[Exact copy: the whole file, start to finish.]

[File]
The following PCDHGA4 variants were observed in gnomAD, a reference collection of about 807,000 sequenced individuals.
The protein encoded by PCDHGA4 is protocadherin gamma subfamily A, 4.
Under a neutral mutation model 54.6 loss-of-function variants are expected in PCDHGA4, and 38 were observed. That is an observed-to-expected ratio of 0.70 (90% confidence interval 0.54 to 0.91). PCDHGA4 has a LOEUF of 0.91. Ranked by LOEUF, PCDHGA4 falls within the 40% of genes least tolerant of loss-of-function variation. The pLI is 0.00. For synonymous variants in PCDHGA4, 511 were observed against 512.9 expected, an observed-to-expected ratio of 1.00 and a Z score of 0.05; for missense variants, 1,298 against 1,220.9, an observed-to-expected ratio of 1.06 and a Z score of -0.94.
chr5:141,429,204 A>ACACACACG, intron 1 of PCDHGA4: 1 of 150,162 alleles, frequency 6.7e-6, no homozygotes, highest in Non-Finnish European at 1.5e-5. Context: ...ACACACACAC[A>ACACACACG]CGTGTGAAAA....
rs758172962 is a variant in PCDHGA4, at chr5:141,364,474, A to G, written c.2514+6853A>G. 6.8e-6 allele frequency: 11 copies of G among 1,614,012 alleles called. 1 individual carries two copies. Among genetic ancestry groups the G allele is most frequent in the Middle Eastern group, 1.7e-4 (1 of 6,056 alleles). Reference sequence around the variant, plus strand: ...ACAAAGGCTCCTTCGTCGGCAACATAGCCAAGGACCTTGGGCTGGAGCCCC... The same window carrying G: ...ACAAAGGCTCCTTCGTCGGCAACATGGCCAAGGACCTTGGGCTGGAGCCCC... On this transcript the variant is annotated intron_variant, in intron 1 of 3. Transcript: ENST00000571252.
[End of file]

The following PCDHGA4 variants were observed in gnomAD, a reference collection of about 807,000 sequenced individuals.
The protein encoded by PCDHGA4 is protocadherin gamma subfamily A, 4.
Under a neutral mutation model 54.6 loss-of-function variants are expected in PCDHGA4, and 38 were observed. That is an observed-to-expected ratio of 0.70 (90% confidence interval 0.54 to 0.91). PCDHGA4 has a LOEUF of 0.91. Ranked by LOEUF, PCDHGA4 falls within the 40% of genes least tolerant of loss-of-function variation. The pLI is 0.00. For synonymous variants in PCDHGA4, 511 were observed against 512.9 expected, an observed-to-expected ratio of 1.00 and a Z score of 0.05; for missense variants, 1,298 against 1,220.9, an observed-to-expected ratio of 1.06 and a Z score of -0.94.
chr5:141,429,204 A>ACACACACG, intron 1 of PCDHGA4: 1 of 150,162 alleles, frequency 6.7e-6, no homozygotes, highest in Non-Finnish European at 1.5e-5. Context: ...ACACACACAC[A>ACACACACG]CGTGTGAAAA....
rs758172962 is a variant in PCDHGA4, at chr5:141,364,474, A to G, written c.2514+6853A>G. 6.8e-6 allele frequency: 11 copies of G among 1,614,012 alleles called. 1 individual carries two copies. Among genetic ancestry groups the G allele is most frequent in the Middle Eastern group, 1.7e-4 (1 of 6,056 alleles). Reference sequence around the variant, plus strand: ...ACAAAGGCTCCTTCGTCGGCAACATAGCCAAGGACCTTGGGCTGGAGCCCC... The same window carrying G: ...ACAAAGGCTCCTTCGTCGGCAACATGGCCAAGGACCTTGGGCTGGAGCCCC... On this transcript the variant is annotated intron_variant, in intron 1 of 3. Transcript: ENST00000571252.